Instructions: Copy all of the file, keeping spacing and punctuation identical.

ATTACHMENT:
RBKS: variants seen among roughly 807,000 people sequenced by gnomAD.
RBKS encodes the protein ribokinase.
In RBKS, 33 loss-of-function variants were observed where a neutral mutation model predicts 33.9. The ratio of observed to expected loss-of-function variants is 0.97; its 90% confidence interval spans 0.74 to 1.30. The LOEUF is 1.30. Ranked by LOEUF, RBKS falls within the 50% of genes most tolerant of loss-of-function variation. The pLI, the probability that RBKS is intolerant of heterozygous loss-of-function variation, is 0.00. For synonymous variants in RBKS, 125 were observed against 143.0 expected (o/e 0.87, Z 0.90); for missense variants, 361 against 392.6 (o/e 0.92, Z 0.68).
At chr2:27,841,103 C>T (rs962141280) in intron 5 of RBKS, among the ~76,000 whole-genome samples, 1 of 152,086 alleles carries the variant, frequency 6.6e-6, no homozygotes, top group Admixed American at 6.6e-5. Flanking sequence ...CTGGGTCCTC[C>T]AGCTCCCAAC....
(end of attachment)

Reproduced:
RBKS: variants seen among roughly 807,000 people sequenced by gnomAD.
RBKS encodes the protein ribokinase.
In RBKS, 33 loss-of-function variants were observed where a neutral mutation model predicts 33.9. The ratio of observed to expected loss-of-function variants is 0.97; its 90% confidence interval spans 0.74 to 1.30. The LOEUF is 1.30. Ranked by LOEUF, RBKS falls within the 50% of genes most tolerant of loss-of-function variation. The pLI, the probability that RBKS is intolerant of heterozygous loss-of-function variation, is 0.00. For synonymous variants in RBKS, 125 were observed against 143.0 expected (o/e 0.87, Z 0.90); for missense variants, 361 against 392.6 (o/e 0.92, Z 0.68).
At chr2:27,841,103 C>T (rs962141280) in intron 5 of RBKS, among the ~76,000 whole-genome samples, 1 of 152,086 alleles carries the variant, frequency 6.6e-6, no homozygotes, top group Admixed American at 6.6e-5. Flanking sequence ...CTGGGTCCTC[C>T]AGCTCCCAAC....